Then I got to play some tunes and stuff, which went pretty well, I kind of did a mix of mainstream rock/hip-hoppy kind of stuff to appeal to the Bizkiters and then more of my patented electro nuttiness. Fun times. I do want to point out one totally weird but kind of great think I've noticed here at the festival: there are about 5 or 6 various dance tents/rooms/platforms of varying sizes, and each of them, every single time I've walked by, has been playing breaks, or maybe drum 'n' bass. Every time. All breaks. It's crazy. Some of you may know I'm a big fan of the breakbeat tunes and in fact my DJ incarnation just before my mashuppy pseudo-fame was in the "nu skool" breaks genre. But correct me if I'm wrong, at least in California it seems like that scene has totally died out, except for some Burning Man types, and even they have mostly moved on to dubstep. I feel a little awkward since my current work is very much in the 4/4, bassline-centric electro-house zone. Anyway, whatever, I am what I am, but I did pull out that old breaks mix of the Gorillaz which got some cheers last night.

By the way, a torrential downpour in the evening meant that the entire festival was one giant sloppy mud pit, making me pine a bit for the dry roasting heat of Coachella, and also giving me that sinking feeling you can only get when you've got one pair of pants for 2 months and they're getting covered with brown slime. But hey, it's a rite of passage, right?

Hungary itself I haven't seen much of, except for a bit of wandering around the town center of Sopron. The city has about 50,000 people so the VOLT festival with its equivalent attendance is a big thing here, and the charming little restaurant I ate at for lunch had a "special VOLT menu": giant local Soproni beer, funky meatball soup, chicken cordon bleu with the ubiquitous fries, 2000 forints, or about $11. Obviously I don't speak more than the most basic Hungarian, and people don't even seem to understand me when I try out the most simple words like "Köszönöm" ("thank you"). My English fumbling and goofy sunglasses were likely what led to my waitress at the aforementioned restaurant asking for my autograph in scrambled, halting English that took me about 5 minutes to figure out what exactly she wanted.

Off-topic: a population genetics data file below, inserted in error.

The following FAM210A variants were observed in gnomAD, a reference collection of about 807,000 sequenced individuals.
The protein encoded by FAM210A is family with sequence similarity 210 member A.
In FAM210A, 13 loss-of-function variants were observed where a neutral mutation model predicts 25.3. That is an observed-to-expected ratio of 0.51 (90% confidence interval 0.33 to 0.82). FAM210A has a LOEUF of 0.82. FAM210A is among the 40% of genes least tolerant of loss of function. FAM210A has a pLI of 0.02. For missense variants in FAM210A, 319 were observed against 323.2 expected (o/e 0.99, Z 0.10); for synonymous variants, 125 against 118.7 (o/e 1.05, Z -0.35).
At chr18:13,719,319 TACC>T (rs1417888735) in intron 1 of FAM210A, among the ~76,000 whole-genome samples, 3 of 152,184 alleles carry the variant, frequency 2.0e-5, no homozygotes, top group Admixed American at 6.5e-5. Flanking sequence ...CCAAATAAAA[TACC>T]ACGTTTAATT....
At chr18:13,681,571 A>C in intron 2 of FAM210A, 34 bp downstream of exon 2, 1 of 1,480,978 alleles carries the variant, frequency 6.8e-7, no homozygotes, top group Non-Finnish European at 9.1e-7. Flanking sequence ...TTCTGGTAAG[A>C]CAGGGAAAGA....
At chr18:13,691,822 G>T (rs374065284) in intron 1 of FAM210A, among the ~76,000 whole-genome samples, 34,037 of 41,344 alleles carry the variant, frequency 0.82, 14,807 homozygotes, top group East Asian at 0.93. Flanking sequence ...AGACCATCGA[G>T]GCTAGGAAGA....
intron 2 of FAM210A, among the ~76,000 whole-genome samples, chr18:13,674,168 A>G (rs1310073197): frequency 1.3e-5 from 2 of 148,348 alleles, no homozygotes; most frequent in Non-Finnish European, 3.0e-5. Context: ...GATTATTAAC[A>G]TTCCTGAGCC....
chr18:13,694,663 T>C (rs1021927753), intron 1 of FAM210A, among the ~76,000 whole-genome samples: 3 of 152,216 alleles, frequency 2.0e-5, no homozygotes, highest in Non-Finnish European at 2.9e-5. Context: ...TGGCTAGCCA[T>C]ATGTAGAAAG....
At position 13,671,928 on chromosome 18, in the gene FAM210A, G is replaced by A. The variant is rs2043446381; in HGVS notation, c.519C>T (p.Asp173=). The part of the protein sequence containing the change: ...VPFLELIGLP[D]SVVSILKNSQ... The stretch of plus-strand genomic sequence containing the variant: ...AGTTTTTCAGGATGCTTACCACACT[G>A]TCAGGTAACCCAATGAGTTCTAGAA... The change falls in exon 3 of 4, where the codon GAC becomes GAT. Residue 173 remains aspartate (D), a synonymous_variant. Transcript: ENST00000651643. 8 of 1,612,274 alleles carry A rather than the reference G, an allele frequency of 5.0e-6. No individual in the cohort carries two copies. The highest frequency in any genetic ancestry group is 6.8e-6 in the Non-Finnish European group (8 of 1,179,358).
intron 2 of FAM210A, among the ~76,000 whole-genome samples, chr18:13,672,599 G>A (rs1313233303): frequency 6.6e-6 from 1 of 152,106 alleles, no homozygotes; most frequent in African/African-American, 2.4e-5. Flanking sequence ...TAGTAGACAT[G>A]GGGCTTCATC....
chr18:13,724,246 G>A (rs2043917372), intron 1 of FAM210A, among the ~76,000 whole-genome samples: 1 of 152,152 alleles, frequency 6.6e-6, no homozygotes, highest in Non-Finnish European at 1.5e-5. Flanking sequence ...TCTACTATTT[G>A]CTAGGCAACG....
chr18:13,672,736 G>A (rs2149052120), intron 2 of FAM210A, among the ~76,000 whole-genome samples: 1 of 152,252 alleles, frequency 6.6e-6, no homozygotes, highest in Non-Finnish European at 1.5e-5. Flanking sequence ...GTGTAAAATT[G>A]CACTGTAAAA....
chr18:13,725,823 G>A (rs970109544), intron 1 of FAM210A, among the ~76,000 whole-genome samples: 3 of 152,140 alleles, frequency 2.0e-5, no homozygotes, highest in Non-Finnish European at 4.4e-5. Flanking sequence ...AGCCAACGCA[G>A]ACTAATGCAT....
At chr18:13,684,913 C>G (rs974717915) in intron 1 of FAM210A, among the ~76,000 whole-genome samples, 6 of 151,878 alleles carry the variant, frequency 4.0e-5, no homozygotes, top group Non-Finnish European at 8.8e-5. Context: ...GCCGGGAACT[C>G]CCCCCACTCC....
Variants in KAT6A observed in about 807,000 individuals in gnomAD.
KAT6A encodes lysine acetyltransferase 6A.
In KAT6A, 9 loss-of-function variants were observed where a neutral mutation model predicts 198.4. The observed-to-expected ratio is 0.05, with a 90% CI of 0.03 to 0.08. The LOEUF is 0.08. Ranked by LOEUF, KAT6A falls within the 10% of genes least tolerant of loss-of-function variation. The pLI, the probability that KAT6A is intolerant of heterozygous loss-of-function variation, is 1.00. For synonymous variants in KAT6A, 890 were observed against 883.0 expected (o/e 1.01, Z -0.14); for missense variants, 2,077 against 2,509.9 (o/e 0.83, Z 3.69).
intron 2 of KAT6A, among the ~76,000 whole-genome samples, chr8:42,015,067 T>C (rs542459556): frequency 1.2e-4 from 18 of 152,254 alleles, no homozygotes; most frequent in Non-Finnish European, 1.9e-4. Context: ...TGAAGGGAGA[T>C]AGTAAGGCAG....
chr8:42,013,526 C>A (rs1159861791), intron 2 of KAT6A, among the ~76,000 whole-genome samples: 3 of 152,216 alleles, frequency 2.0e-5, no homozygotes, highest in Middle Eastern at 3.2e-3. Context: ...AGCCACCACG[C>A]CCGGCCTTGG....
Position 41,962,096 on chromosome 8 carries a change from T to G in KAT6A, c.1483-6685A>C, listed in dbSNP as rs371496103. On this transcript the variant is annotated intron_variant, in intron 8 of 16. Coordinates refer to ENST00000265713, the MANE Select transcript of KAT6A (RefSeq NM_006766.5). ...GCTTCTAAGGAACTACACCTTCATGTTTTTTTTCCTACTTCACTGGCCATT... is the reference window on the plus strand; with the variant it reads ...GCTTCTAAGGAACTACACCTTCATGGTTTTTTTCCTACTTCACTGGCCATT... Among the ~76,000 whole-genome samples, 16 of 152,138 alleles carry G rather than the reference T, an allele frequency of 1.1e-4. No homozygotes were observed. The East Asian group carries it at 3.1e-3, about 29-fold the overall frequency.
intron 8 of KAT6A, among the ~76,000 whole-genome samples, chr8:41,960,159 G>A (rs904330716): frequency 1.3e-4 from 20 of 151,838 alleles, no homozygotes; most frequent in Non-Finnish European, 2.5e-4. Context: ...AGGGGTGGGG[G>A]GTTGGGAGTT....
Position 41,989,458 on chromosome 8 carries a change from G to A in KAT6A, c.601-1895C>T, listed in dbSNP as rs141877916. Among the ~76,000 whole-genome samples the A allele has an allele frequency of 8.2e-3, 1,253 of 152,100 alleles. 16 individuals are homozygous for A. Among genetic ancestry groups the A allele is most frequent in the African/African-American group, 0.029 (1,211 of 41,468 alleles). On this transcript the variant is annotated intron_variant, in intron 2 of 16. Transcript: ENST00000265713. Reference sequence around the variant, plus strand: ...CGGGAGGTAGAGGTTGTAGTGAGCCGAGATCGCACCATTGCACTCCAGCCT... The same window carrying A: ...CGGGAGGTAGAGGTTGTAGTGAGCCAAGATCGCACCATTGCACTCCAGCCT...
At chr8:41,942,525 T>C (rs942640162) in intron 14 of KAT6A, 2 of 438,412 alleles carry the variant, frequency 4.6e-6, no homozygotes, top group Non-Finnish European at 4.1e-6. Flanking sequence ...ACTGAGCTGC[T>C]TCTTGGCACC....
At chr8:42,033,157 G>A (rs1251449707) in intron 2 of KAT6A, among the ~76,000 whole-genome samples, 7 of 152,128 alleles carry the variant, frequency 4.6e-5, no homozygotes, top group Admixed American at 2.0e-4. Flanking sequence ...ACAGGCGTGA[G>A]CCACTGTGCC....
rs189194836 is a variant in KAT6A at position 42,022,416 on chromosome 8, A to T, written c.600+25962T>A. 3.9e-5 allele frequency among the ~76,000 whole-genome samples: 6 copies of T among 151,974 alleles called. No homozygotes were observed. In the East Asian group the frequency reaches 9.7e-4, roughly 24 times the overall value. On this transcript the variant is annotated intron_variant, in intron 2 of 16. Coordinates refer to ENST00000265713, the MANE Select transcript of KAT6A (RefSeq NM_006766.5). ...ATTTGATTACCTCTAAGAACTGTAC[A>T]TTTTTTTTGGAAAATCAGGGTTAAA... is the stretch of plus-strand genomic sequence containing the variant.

Of course, a crazy new language does make for chuckles, and first among them, the name of my hotel:

Yes, that says "Hunguest." Joke 1: How do you think they knew? Joke 2: Glad I wasn't booked at the Micropenis Lodge down the street. Joke 3: I suddenly look at Super 8 and Motel 6 in a whole new light. Et cetera, tip your waitress.

Also, does anybody need any throat lozenges? Actually, I don't mean "anybody," I mean…

Oh boy. You know, I imagine Bill O'Reilly could spin this as reverse discrimination somehow.

Two more days of VOLTing around then I'm off to Budapest for gigs at the exciting-looking outdoor Zold Pardon, then off to Munich to hang with the craziest dudes this side of Stuttgart. Internet service comes in 30 minute, 300-forint chunks here at the Hunguest, and only in the lobby, so I've had to type this in Word and then upload it as fast as I can, and I haven't been able to stay on top of the e-mail or blogging as much as I'd like, but hopefully I'll be back on top of things by Monday.

1 comment: